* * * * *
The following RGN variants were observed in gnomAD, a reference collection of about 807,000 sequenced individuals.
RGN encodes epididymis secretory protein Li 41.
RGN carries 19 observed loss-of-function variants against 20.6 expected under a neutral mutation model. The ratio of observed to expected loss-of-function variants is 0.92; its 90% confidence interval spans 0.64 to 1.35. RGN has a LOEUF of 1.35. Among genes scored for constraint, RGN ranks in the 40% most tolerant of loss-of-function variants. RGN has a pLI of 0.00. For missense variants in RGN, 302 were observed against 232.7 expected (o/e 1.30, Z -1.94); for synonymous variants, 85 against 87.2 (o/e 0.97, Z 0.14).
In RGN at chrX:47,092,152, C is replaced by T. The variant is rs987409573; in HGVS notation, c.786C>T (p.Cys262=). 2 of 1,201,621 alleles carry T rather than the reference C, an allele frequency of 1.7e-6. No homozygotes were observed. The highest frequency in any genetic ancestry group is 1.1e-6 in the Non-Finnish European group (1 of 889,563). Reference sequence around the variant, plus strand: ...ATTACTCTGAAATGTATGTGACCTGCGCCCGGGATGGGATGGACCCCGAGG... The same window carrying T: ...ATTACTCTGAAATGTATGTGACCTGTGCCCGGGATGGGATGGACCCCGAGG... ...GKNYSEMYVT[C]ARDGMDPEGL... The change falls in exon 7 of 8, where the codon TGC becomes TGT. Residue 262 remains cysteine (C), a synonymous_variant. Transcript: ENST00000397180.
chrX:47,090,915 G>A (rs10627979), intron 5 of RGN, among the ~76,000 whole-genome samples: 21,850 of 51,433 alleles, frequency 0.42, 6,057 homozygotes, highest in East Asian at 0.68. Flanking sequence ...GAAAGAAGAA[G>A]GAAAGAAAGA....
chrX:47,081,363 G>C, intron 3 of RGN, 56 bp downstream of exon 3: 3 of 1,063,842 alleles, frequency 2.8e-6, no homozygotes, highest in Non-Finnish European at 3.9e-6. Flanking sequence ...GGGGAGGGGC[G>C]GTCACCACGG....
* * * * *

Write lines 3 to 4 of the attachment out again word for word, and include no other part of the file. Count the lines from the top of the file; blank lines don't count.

RGN carries 19 observed loss-of-function variants against 20.6 expected under a neutral mutation model. The ratio of observed to expected loss-of-function variants is 0.92; its 90% confidence interval spans 0.64 to 1.35. RGN has a LOEUF of 1.35. Among genes scored for constraint, RGN ranks in the 40% most tolerant of loss-of-function variants. RGN has a pLI of 0.00. For missense variants in RGN, 302 were observed against 232.7 expected (o/e 1.30, Z -1.94); for synonymous variants, 85 against 87.2 (o/e 0.97, Z 0.14).
In RGN at chrX:47,092,152, C is replaced by T. The variant is rs987409573; in HGVS notation, c.786C>T (p.Cys262=). 2 of 1,201,621 alleles carry T rather than the reference C, an allele frequency of 1.7e-6. No homozygotes were observed. The highest frequency in any genetic ancestry group is 1.1e-6 in the Non-Finnish European group (1 of 889,563). Reference sequence around the variant, plus strand: ...ATTACTCTGAAATGTATGTGACCTGCGCCCGGGATGGGATGGACCCCGAGG... The same window carrying T: ...ATTACTCTGAAATGTATGTGACCTGTGCCCGGGATGGGATGGACCCCGAGG... ...GKNYSEMYVT[C]ARDGMDPEGL... The change falls in exon 7 of 8, where the codon TGC becomes TGT. Residue 262 remains cysteine (C), a synonymous_variant. Transcript: ENST00000397180.